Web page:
This week the first Air New Zealand B777-200 jet aircraft began assembly in Boeing's Everett factory in Seattle - with work on the first of four 30 metre long wing spars.
"While construction of several major parts has been going on for some months by various suppliers, this is the first visible sign of the assembly process of the new aircraft," explained Air New Zealand General Manager International Airline, Ed Sims.
The spars separate the upper and lower wing surfaces and provide closure at the front and rear of the wing structure forming the fuel tanks in the wing.
Yesterday they were loaded into a giant Automated Spar Assembly Tool (ASAT) where they were drilled and machined in preparation for attachment of the upper and lower wing skins and many other auxiliary fittings.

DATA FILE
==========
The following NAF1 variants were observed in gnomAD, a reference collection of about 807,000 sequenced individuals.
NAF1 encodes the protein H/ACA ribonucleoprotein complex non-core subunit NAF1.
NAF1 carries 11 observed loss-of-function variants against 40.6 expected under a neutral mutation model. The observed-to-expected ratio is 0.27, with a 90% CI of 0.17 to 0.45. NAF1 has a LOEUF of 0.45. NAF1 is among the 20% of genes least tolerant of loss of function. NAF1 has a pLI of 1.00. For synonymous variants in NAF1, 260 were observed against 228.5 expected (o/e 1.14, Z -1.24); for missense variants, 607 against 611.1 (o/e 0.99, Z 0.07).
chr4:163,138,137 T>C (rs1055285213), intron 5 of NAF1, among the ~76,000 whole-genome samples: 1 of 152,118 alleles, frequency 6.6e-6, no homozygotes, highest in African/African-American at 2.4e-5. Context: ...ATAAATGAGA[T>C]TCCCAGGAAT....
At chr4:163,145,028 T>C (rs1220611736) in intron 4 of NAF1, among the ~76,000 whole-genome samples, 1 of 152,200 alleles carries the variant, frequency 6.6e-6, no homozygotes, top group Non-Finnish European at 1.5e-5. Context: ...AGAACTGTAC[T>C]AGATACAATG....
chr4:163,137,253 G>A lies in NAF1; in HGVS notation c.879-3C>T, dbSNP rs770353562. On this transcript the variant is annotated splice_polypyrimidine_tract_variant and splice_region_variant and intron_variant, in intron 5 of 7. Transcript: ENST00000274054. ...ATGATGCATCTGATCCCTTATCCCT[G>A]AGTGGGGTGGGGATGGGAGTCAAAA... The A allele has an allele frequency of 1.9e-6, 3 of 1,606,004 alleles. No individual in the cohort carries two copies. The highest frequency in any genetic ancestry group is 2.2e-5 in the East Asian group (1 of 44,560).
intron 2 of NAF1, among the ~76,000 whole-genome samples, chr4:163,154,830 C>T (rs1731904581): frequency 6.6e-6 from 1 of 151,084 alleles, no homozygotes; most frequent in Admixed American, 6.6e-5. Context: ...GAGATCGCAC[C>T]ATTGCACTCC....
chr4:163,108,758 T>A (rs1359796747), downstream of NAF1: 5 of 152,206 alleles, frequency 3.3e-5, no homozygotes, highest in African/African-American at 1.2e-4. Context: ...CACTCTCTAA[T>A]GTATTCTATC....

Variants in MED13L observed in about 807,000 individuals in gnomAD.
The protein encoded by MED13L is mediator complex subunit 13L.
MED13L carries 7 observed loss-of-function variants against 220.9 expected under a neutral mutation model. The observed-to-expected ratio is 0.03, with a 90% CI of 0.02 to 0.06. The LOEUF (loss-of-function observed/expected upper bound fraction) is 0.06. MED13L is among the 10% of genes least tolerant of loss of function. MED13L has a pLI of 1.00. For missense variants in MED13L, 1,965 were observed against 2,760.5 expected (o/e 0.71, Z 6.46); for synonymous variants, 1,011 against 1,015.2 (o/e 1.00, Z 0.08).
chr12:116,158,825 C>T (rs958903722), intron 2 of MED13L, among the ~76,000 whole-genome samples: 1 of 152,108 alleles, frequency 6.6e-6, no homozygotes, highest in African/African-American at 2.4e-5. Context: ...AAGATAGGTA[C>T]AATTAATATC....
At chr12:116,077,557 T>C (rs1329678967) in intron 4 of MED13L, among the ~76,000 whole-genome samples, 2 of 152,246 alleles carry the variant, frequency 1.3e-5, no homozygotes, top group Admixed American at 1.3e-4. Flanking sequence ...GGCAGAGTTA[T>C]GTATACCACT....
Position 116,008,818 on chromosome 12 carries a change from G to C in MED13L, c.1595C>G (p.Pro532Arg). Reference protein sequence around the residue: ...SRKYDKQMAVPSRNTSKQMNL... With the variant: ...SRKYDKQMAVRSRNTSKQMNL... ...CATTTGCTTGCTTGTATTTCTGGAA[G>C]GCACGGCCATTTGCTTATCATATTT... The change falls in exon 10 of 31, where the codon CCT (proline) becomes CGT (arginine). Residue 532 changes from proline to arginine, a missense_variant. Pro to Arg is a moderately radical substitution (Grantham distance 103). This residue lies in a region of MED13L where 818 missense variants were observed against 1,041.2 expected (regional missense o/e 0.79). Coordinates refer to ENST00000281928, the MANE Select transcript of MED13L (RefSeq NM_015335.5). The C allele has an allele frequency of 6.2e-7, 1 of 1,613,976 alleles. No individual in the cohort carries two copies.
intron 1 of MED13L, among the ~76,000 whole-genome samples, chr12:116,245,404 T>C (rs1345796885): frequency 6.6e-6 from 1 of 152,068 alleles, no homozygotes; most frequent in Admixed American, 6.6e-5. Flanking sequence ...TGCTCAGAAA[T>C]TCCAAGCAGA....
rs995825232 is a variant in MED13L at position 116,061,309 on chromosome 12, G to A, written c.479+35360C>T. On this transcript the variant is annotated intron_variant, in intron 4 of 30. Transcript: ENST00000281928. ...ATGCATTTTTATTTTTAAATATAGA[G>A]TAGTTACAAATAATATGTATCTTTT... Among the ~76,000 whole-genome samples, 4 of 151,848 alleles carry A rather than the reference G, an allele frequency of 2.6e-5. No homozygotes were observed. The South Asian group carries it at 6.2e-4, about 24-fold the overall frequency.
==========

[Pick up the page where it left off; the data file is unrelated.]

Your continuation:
The spar and wing skin machining processes, including the finishing of 44,000 fasteners which go into each wing, will take about two weeks followed by the mating of the wing skins to the spar.
At this point the shape of the wings will be very clear - and following installation of the many fittings they will eventually be finished off by sealing and painting.
"The first aircraft is scheduled to be painted and have the Air New Zealand livery applied at the end of August, undergo extensive flight testing and be delivered to Air New Zealand in late September," said Mr Sims.
"Between now and then, Boeing workers have a multitude of tasks to complete".
Air New Zealand has acquired eight new Boeing 777-200 ER which will be progressively introduced into the airline's fleet from September 2005 - the first five will be delivered by mid next year and the remaining three by the end of 2006.
Issued by Air New Zealand Public Affairs - phone +64 9 336 2761
Pictures available on request.
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